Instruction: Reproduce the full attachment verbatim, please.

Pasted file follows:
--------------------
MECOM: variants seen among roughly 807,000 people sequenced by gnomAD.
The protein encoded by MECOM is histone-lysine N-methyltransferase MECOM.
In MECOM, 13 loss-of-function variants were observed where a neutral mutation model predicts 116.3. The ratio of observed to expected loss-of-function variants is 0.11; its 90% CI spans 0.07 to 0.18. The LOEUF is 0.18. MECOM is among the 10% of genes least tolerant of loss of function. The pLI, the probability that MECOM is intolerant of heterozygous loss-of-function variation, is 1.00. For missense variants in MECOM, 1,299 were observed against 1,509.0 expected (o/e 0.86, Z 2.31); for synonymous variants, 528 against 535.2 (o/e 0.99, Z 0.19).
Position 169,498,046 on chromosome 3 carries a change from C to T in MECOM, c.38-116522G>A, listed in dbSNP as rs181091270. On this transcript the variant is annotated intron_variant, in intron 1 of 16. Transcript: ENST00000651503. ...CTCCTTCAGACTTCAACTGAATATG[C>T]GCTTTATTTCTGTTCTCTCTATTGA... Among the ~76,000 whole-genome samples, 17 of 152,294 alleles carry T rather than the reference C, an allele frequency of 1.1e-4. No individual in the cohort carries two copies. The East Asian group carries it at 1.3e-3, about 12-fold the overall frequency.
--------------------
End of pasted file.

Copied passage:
MECOM: variants seen among roughly 807,000 people sequenced by gnomAD.
The protein encoded by MECOM is histone-lysine N-methyltransferase MECOM.
In MECOM, 13 loss-of-function variants were observed where a neutral mutation model predicts 116.3. The ratio of observed to expected loss-of-function variants is 0.11; its 90% CI spans 0.07 to 0.18. The LOEUF is 0.18. MECOM is among the 10% of genes least tolerant of loss of function. The pLI, the probability that MECOM is intolerant of heterozygous loss-of-function variation, is 1.00. For missense variants in MECOM, 1,299 were observed against 1,509.0 expected (o/e 0.86, Z 2.31); for synonymous variants, 528 against 535.2 (o/e 0.99, Z 0.19).
Position 169,498,046 on chromosome 3 carries a change from C to T in MECOM, c.38-116522G>A, listed in dbSNP as rs181091270. On this transcript the variant is annotated intron_variant, in intron 1 of 16. Transcript: ENST00000651503. ...CTCCTTCAGACTTCAACTGAATATG[C>T]GCTTTATTTCTGTTCTCTCTATTGA... Among the ~76,000 whole-genome samples, 17 of 152,294 alleles carry T rather than the reference C, an allele frequency of 1.1e-4. No individual in the cohort carries two copies. The East Asian group carries it at 1.3e-3, about 12-fold the overall frequency.